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Old 25.05.2012, 13:31
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"Schönes weekend"?

A couple of weeks ago I heard 2 people talking in front of a store in heavy schwiizer-deutsch, and at the end of the conversation, one said to the other "Schönes weekend!" It raised an eyebrow to me, because I never heard anyone say that during a swiss-german conversation, but I thought maybe it was some private joke or something between them.

...but then I heard someone say it again a week later or so, and today when I finished paying in a gas station here in Bern, the lady behind the counter wished me a "Schönes weekend". What's going on? Did the word "weekend" suddenly get adopted into swiss-german or something? I know alot of english words are getting adopted here and there, but why the word "weekend" and why suddenly? I've been here 10 years and never heard it, and suddenly now 3 time in the last month I hear it!
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Old 25.05.2012, 13:41
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Re: "Schönes weekend"?

German equivalent of franglais (le weekend).
English is everywhere in bits and bobs - just look at advertising.

I hear "sorry" a lot (same meaning).
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Old 25.05.2012, 13:45
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Re: "Schönes weekend"?

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I hear "sorry" a lot (same meaning).
I also hear "sorry" alot too, but that's been around for a while. I think because even native German speakers have trouble saying "entschuldigung"
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Old 25.05.2012, 14:00
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Re: "Schönes weekend"?

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A couple of weeks ago I heard 2 people talking in front of a store in heavy schwiizer-deutsch, and at the end of the conversation, one said to the other "Schönes weekend!" It raised an eyebrow to me, because I never heard anyone say that during a swiss-german conversation, but I thought maybe it was some private joke or something between them.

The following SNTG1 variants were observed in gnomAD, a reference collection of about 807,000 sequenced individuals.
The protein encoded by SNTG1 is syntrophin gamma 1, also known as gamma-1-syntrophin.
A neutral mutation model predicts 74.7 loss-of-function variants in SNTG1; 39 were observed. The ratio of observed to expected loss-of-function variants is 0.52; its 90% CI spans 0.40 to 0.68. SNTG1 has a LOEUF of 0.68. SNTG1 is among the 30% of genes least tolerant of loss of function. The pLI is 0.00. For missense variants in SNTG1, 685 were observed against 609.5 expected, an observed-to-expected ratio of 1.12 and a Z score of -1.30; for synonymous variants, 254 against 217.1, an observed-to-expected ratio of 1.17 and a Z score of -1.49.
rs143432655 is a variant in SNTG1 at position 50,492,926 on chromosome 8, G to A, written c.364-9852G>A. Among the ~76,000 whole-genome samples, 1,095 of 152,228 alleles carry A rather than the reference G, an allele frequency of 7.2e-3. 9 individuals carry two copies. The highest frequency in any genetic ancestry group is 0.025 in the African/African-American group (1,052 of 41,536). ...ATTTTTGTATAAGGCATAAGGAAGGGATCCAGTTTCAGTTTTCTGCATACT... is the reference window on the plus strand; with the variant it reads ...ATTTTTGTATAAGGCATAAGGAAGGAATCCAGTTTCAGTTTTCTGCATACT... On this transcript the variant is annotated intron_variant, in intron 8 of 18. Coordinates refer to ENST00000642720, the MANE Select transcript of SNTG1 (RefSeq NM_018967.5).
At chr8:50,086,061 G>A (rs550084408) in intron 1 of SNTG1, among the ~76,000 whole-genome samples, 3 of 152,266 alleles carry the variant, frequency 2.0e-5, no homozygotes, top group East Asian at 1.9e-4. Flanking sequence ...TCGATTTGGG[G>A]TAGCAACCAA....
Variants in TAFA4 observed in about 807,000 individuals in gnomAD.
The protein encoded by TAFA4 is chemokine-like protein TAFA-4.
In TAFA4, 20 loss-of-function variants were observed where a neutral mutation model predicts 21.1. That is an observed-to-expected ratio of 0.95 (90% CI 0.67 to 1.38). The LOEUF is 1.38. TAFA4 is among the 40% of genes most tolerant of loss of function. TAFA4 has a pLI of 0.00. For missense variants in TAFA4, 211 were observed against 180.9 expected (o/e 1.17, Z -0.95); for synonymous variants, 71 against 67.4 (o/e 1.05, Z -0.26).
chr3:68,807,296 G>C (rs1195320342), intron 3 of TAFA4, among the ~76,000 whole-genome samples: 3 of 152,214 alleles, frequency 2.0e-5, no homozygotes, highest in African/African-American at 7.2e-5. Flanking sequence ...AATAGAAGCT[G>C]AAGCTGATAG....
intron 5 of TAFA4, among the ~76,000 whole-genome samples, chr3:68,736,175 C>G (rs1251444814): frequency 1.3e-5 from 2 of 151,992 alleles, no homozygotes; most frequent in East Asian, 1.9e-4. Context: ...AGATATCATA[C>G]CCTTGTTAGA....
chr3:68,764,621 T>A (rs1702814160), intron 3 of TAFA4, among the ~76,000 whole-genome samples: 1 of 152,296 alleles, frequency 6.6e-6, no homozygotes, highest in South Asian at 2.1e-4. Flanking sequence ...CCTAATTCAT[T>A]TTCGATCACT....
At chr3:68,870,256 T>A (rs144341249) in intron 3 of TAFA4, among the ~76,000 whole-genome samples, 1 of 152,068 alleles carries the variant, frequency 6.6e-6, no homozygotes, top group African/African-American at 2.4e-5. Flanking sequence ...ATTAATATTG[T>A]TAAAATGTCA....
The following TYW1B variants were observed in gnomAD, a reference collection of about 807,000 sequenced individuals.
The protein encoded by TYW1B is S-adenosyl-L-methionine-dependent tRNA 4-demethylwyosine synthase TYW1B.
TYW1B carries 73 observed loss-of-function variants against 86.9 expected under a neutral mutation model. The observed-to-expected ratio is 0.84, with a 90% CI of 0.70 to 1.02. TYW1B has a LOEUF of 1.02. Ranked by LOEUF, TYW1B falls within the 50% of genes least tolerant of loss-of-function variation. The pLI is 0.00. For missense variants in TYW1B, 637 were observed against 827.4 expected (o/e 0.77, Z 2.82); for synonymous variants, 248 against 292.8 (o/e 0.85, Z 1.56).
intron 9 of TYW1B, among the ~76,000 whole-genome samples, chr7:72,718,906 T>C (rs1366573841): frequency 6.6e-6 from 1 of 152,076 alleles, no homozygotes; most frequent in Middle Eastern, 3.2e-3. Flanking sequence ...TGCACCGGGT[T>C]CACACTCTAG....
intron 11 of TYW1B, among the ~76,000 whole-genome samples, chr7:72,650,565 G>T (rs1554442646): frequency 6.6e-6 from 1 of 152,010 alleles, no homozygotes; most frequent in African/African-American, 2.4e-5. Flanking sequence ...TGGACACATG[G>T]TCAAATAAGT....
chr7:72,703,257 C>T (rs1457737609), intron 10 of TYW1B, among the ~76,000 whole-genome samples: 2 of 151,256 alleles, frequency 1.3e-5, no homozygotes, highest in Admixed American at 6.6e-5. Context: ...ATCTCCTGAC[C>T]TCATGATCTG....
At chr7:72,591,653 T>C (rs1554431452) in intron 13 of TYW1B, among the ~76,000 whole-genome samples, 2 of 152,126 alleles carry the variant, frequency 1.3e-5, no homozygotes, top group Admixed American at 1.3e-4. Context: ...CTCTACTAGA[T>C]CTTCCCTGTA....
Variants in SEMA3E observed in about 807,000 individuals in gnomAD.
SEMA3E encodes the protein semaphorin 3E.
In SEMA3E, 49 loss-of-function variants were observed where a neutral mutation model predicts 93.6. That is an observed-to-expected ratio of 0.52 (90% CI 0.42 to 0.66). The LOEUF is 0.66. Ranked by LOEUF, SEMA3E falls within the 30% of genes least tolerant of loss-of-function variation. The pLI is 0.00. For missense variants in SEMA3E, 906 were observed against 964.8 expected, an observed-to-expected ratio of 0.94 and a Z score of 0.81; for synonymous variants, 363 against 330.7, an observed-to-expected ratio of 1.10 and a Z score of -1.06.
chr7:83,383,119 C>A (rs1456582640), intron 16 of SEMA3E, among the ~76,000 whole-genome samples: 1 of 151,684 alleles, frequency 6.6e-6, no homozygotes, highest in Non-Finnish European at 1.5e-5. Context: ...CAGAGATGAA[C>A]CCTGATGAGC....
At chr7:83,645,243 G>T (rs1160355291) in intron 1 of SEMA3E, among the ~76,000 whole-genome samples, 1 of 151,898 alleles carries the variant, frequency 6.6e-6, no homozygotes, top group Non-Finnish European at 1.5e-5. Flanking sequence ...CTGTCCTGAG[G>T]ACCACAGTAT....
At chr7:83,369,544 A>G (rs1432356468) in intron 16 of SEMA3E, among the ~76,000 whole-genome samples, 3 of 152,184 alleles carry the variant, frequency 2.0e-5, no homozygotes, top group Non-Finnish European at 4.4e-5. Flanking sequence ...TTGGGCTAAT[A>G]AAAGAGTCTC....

...but then I heard someone say it again a week later or so, and today when I finished paying in a gas station here in Bern, the lady behind the counter wished me a "Schönes weekend". What's going on? Did the word "weekend" suddenly get adopted into swiss-german or something? I know alot of english words are getting adopted here and there, but why the word "weekend" and why suddenly? I've been here 10 years and never heard it, and suddenly now 3 time in the last month I hear it!
English is the new German !
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Old 25.05.2012, 14:14
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Re: "Schönes weekend"?

World is getting smaller and languages are mixing up. It's awful -and yet it is great fun too.

French expressions in English always make me laughh - due to pronunciation. My favourite if 'genrE'- and also 'double entrendrE' (capital to highlight that Brits emphasise the final E, which is not done in French). 'Ménage à trois' (twah) ...'laissez-faire attitude', and so many more.

My neighbour always says 'no soucy' (pronounced like 'eye') her version of the French 'pas de soucis' (no worries/akunamatata) just to pretend she speaks English, lol - and always 'bye bye' or 'ciao'. It is just a bit of fun.

Of course the Brits are used to that sort of thing, from Celtic, to Roman, to Angle, SAxon, Pict, Jute and so many more, Danish, Norwegian and then Norman French- and so many others recently - a great big mish mash- and a wonderful language. Well, all languages are wonderful

Last edited by Odile; 25.05.2012 at 14:45.
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Old 25.05.2012, 14:19
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Re: "Schönes weekend"?

It's in switzerland, words from different languages are used together.
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Old 25.05.2012, 16:40
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Re: "Schönes weekend"?

"Weekend" has been around in German (not only Swiss German") since the 1950s. First time I heard it was around 1955 in the wonderful mongrel form, "Weekendhäuschen."

On the other hand, I'm still waiting for an answer to my question, "Why do Americans call Saturday plus Sunday 'weekend' when Sunday is considered the first day of the week?"